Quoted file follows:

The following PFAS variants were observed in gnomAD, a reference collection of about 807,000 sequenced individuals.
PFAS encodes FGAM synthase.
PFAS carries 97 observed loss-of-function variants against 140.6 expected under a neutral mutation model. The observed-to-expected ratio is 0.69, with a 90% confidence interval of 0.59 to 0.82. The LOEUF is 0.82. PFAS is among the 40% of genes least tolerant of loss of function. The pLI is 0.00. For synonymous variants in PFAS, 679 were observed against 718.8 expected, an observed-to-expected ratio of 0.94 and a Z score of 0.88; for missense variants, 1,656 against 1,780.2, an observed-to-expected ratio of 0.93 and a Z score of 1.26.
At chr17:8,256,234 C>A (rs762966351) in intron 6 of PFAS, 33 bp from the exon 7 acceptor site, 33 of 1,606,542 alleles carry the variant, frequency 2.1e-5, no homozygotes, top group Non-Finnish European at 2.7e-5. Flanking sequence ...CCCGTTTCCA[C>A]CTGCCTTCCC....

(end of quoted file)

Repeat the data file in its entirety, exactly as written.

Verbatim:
The following PFAS variants were observed in gnomAD, a reference collection of about 807,000 sequenced individuals.
PFAS encodes FGAM synthase.
PFAS carries 97 observed loss-of-function variants against 140.6 expected under a neutral mutation model. The observed-to-expected ratio is 0.69, with a 90% confidence interval of 0.59 to 0.82. The LOEUF is 0.82. PFAS is among the 40% of genes least tolerant of loss of function. The pLI is 0.00. For synonymous variants in PFAS, 679 were observed against 718.8 expected, an observed-to-expected ratio of 0.94 and a Z score of 0.88; for missense variants, 1,656 against 1,780.2, an observed-to-expected ratio of 0.93 and a Z score of 1.26.
At chr17:8,256,234 C>A (rs762966351) in intron 6 of PFAS, 33 bp from the exon 7 acceptor site, 33 of 1,606,542 alleles carry the variant, frequency 2.1e-5, no homozygotes, top group Non-Finnish European at 2.7e-5. Flanking sequence ...CCCGTTTCCA[C>A]CTGCCTTCCC....